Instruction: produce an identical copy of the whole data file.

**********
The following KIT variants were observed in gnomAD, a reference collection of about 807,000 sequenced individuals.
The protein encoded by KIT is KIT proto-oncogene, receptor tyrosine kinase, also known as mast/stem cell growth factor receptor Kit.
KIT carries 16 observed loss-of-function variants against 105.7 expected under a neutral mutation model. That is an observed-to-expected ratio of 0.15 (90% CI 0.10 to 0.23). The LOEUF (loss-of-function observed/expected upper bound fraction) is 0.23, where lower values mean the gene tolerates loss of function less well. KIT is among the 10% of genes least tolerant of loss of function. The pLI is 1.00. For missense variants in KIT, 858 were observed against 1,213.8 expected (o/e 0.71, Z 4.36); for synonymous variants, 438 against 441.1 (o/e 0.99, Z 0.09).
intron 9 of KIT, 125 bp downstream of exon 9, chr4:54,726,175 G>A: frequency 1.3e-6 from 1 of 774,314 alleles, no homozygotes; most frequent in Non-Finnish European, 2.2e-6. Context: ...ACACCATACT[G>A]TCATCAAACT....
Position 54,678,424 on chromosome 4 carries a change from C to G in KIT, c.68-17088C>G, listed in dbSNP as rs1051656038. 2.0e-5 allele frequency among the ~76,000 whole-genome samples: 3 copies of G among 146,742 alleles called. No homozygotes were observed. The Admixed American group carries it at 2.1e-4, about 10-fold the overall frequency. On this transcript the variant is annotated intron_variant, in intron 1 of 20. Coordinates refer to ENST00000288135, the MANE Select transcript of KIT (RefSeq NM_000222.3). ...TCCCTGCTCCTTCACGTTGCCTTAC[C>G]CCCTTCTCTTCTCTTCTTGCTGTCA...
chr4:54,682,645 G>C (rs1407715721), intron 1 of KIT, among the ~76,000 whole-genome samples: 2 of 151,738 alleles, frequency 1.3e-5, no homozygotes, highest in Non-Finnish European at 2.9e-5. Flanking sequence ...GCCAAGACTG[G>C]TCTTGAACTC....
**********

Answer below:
The following KIT variants were observed in gnomAD, a reference collection of about 807,000 sequenced individuals.
The protein encoded by KIT is KIT proto-oncogene, receptor tyrosine kinase, also known as mast/stem cell growth factor receptor Kit.
KIT carries 16 observed loss-of-function variants against 105.7 expected under a neutral mutation model. That is an observed-to-expected ratio of 0.15 (90% CI 0.10 to 0.23). The LOEUF (loss-of-function observed/expected upper bound fraction) is 0.23, where lower values mean the gene tolerates loss of function less well. KIT is among the 10% of genes least tolerant of loss of function. The pLI is 1.00. For missense variants in KIT, 858 were observed against 1,213.8 expected (o/e 0.71, Z 4.36); for synonymous variants, 438 against 441.1 (o/e 0.99, Z 0.09).
intron 9 of KIT, 125 bp downstream of exon 9, chr4:54,726,175 G>A: frequency 1.3e-6 from 1 of 774,314 alleles, no homozygotes; most frequent in Non-Finnish European, 2.2e-6. Context: ...ACACCATACT[G>A]TCATCAAACT....
Position 54,678,424 on chromosome 4 carries a change from C to G in KIT, c.68-17088C>G, listed in dbSNP as rs1051656038. 2.0e-5 allele frequency among the ~76,000 whole-genome samples: 3 copies of G among 146,742 alleles called. No homozygotes were observed. The Admixed American group carries it at 2.1e-4, about 10-fold the overall frequency. On this transcript the variant is annotated intron_variant, in intron 1 of 20. Coordinates refer to ENST00000288135, the MANE Select transcript of KIT (RefSeq NM_000222.3). ...TCCCTGCTCCTTCACGTTGCCTTAC[C>G]CCCTTCTCTTCTCTTCTTGCTGTCA...
chr4:54,682,645 G>C (rs1407715721), intron 1 of KIT, among the ~76,000 whole-genome samples: 2 of 151,738 alleles, frequency 1.3e-5, no homozygotes, highest in Non-Finnish European at 2.9e-5. Flanking sequence ...GCCAAGACTG[G>C]TCTTGAACTC....